Choices, decisions, consequences.
It doesn’t matter where you are in life, this is the progression of how things go.
For the women in the Litchfield Penitentiary, this progression has reached a new level, an extremely high one.
In its first four seasons, Orange is the New Black always walked a very fine line between what’s right, what’s wrong and what’s acceptable given certain circumstances.
As the fifth season begins, everyone inside those walls (and some outside) are pushed to the brink as every one of them tries to make their own personal statement about what they feel really matters.
When last we saw the ladies of OITNB, an uprising was set in motion when a guard killed Poussey during a riot at Litchfield. In the chaos afterwards, sadistic prison guard Humphrey loses control of his personal firearm and suddenly finds himself staring down the barrel of that gun as inmate Daya points it at him.
Season 5 picks up right in that moment, when Daya, and ALL of her fellow inmates, seemingly have the upper hand—and lots of decisions to make.
What transpires is equal parts sickening, shocking, salacious, satirical, silly, and sad. All of it is unsettling, as it should be.
In hindsight, the things that seemed outrageous and maybe scandalous in the four previous seasons of OITNB now seem rather tame in light of this new direction.
The shift in tone makes the series a bit tougher to digest, but that doesn’t make it any less intriguing to watch. It almost makes seasons past feel a little complacent in terms of real drama. Issues that seemed so intense at that time now feel petty compared to this. This is real, palatable intensity.
What makes all of it so fascinating is watching each of these inmates, who viewers have come to know so well, figure out what personal strategy she wants to take in the midst of the chaos—exploit the situation for some sort of personal satisfaction and/or gain? Or, try to find something in all of this that will actually make things better for the group as a whole?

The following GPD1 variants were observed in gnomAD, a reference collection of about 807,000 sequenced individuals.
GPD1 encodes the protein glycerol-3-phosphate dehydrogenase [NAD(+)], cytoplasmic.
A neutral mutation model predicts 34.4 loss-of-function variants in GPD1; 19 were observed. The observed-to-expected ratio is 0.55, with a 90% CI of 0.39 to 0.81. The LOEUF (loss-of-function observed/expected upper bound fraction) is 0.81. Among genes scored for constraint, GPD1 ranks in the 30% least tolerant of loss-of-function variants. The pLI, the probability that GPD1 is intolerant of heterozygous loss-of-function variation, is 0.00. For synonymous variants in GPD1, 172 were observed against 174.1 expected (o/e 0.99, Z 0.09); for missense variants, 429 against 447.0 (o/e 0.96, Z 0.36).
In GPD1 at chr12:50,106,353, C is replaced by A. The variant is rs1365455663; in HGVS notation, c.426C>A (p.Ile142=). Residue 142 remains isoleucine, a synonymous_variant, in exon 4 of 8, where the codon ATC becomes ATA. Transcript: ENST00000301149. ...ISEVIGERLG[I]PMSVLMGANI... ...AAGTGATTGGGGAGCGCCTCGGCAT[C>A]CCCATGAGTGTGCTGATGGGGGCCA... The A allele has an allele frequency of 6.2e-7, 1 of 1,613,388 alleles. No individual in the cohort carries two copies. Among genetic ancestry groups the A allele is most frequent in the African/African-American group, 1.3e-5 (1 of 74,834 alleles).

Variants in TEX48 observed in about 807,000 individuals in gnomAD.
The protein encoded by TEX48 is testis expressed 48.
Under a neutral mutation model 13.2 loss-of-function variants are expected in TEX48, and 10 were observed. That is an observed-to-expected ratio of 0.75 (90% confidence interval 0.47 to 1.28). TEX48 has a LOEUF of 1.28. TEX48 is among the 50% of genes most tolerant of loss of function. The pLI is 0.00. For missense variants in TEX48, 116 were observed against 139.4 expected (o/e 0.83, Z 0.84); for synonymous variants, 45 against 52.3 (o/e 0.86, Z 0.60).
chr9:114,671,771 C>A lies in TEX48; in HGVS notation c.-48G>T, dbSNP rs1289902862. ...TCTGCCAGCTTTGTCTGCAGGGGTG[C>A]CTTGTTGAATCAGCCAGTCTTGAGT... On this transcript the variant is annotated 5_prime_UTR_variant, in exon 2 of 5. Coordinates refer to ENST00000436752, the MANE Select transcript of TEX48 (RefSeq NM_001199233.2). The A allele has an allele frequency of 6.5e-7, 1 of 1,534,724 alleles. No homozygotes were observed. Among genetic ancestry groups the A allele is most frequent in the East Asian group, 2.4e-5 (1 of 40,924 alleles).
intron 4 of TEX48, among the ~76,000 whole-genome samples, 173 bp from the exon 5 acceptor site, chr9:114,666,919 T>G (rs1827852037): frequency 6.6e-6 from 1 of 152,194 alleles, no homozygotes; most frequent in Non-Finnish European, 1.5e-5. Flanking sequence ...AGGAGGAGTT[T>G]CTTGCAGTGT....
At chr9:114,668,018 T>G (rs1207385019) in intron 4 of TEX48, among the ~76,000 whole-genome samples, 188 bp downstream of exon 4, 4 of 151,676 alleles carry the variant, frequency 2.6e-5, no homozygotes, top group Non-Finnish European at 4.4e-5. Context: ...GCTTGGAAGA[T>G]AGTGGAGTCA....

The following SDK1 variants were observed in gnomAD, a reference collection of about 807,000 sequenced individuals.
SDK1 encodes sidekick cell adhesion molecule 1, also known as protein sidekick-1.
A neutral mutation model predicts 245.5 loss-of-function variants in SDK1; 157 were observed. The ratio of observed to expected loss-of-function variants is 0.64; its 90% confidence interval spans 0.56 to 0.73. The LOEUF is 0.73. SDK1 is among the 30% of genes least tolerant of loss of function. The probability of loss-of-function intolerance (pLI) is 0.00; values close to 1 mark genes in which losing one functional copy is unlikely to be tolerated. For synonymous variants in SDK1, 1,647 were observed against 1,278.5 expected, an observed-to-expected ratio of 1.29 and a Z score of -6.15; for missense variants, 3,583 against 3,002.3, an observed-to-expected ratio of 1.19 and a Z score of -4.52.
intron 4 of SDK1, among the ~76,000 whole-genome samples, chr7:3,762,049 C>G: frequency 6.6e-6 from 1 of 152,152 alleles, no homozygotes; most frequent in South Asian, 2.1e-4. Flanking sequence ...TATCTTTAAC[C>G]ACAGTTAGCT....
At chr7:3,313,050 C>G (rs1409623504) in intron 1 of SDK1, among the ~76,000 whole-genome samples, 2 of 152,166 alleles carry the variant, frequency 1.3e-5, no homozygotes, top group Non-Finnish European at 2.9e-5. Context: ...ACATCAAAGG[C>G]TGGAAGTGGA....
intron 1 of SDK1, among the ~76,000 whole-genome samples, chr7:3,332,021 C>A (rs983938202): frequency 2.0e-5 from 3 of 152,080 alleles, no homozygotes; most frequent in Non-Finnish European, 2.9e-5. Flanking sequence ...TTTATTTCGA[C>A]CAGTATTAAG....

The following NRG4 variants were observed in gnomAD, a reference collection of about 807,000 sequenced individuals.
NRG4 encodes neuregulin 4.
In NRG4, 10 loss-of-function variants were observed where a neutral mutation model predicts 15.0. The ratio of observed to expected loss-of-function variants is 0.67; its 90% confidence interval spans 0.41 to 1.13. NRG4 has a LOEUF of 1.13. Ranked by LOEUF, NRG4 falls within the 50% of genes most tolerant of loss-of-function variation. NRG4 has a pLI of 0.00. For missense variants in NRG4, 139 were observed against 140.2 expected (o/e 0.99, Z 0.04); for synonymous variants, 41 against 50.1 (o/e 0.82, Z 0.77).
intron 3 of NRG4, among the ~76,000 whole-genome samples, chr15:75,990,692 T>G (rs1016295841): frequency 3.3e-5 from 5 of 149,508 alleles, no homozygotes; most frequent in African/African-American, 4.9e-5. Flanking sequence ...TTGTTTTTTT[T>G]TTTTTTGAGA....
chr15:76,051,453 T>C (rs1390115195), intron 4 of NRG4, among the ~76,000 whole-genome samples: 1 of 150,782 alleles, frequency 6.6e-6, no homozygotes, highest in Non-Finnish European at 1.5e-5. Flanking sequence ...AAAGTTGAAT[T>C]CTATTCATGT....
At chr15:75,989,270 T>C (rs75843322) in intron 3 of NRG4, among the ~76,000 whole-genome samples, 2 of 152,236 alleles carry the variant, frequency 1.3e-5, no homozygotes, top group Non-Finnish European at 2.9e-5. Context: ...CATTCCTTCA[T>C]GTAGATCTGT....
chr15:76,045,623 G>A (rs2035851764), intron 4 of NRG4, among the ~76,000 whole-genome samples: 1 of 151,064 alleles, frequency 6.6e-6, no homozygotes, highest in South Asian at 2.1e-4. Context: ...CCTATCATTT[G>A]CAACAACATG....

With even this tiny speck of new freedom, there’s a whole realm of brand spanking new choices for everyone and the best description of the bedlam and brutality that ensues comes when inmate Morello says in her singsongy, high-pitched voice, “It’s like a party, except terrifying!”
While the format of this season is bit of a change-up, with the entire 13 episodes taking place over just three days, some familiar pieces of the past remain—mainly the flashbacks that help explain how some of the inmates became who they are (although not necessarily explaining exactly how they ended up at Litchfield). This is somewhat comforting in a strange way given the present day violence that’s clearly affecting everyone, in varying degrees.
Another factor that makes this particular storyline work in this specific moment is that it’s something that really wouldn’t have been possible any earlier in the series. Sure, it could have been done—a riot in a prison isn’t far-fetched—but any sooner in the narrative and it may have seemed merely gratuitous. For something like this to have the greatest possible effect on viewers, there has to be an absolutely firm connection between those viewers and the characters within the story, otherwise, none of it would mean anything. It would be just another plot point in the overall scheme of the narrative. Because fans have had time to grow right alongside the ladies of Litchfield, and some of the guards and prison personnel as well, what unfolds is much more impactful than had it happened prior to the establishment of such a bond.
As this season begins, the ‘us’ versus ‘them,’ meaning the inmates versus the guards, undercurrent that has always been there, escalates in such a way that it’s hard to know just who to root for. Hard to fathom actions abound, and the curious examination of the intersection of action and outcome that has constantly been at the center of OITNB rises to an unprecedented level.
Every single individual here is faced with countlessly painful choices, forcing unwanted decisions that must be made, resulting in unpredictable consequences.
This show is still capable of triggering bouts of laughter from its viewers while scaring them at the same time. The narrative can sweep from witty and funny to deadly serious in a matter of moments, which is not an easy feat and one of the major reasons that so many have come to appreciate this series.
Given all of this, the choice of whether to watch Season 5 of OITNB rests solely with you, the viewer. Make your decision and then get ready for what’s to come. The consequences of your actions will soon be revealed.
Season 5 of Orange is the New Black is available now for streaming via Netflix.